Three consecutive first-team starts followed before Barkley was called up to England’s senior squad and given his first taste of international football as a second-half replacement for Jack Wilshere, with victory already secured and the pressure valve on the players released.  

It was a smart piece of timing by Roy Hodgson, whose selections against Moldova were universally vindicated. For the considerably trickier assignment against Ukraine in Kiev on Tuesday night, the England manager's decision-making must be equally savvy to navigate England smoothly to Brazil next summer.

"The safe choice would be James Milner, as reliable as tinned tomato soup on a cold winter’s day but about as exciting, too."
With Danny Welbeck, scorer of two goals from a left flank berth on Friday, absent through suspension, Hodgson has been forced into re-jigging his line-up - although he hinted after Friday’s 4-0 victory that the Manchester United forward had been earmarked for the centre-forward position that had been occupied by Rickie Lambert against Moldova with some success.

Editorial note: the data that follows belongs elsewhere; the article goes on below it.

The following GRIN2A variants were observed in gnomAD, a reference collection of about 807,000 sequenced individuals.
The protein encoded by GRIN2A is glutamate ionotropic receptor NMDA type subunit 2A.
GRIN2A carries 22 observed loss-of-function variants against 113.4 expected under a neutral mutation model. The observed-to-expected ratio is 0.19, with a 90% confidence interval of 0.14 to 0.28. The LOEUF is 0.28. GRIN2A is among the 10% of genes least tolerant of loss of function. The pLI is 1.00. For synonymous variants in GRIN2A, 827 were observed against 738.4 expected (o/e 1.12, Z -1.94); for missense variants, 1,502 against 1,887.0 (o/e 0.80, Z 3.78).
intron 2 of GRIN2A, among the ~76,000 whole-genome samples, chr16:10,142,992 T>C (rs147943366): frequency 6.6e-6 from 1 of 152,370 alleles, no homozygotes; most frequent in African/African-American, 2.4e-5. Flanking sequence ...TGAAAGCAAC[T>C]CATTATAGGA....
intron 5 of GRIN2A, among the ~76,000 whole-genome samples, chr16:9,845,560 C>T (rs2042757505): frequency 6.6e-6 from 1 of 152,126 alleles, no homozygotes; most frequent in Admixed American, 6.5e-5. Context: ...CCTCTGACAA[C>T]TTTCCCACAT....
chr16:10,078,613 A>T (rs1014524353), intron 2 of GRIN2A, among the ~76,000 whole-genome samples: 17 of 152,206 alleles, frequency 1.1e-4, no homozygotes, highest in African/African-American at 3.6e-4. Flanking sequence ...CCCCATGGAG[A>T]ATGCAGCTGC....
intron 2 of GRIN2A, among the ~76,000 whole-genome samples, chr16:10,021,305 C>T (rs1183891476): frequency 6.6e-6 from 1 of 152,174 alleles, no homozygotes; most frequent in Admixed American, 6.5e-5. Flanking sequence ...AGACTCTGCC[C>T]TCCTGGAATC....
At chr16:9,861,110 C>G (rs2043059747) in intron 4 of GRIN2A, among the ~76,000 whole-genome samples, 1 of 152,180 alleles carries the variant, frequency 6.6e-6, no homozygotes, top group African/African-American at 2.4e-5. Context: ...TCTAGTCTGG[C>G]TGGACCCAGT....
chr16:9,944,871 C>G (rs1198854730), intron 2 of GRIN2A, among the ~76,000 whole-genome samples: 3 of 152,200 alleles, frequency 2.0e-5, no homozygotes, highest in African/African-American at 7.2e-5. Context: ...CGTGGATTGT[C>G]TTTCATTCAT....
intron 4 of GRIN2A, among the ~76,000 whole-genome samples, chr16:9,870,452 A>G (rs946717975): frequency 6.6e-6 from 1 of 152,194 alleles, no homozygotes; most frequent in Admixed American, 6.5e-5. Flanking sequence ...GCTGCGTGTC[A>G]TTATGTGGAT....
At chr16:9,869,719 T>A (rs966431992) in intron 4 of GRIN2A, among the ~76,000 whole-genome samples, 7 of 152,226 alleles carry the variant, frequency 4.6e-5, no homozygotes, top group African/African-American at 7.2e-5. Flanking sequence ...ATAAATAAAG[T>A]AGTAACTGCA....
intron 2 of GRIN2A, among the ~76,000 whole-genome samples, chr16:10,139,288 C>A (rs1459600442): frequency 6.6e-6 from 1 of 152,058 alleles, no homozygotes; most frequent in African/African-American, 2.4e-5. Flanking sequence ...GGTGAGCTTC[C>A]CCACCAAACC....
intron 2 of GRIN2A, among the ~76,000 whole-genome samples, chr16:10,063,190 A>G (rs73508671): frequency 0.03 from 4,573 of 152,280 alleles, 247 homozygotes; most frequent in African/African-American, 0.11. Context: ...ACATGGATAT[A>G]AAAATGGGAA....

With the in-form Lambert now seemingly nailed on to spearhead the attack ahead of a central midfield trio of Wilshere, Steven Gerrard and Frank Lampard, Hodgson has several options on the left to counterpoint the pace of Theo Walcott on the right.

The safe choice would be James Milner, as reliable as tinned tomato soup on a cold winter’s day but about as exciting, too. Ashley Young has a fine recent international record but he has hardly dazzled for his club over the last 12 months.

The left-field options for the left flank are Andros Townsend, a skilful wide player but on the fringes of Tottenham's team, and the powerful Barkley.

For Martinez, the attacking midfielder reminds him of the former Germany skipper Michael Ballack. “When Ballack was younger, nobody knew what his best position was; could he be a sitting midfielder, an attacking midfielder or play up front? Ross is that impressive,” observed the new Everton boss. “He takes in information, which for a young lad is incredible. He can use both feet, he can switch the play, he has a range of passing and can receive the ball in any area. He has a great shot and incredible energy."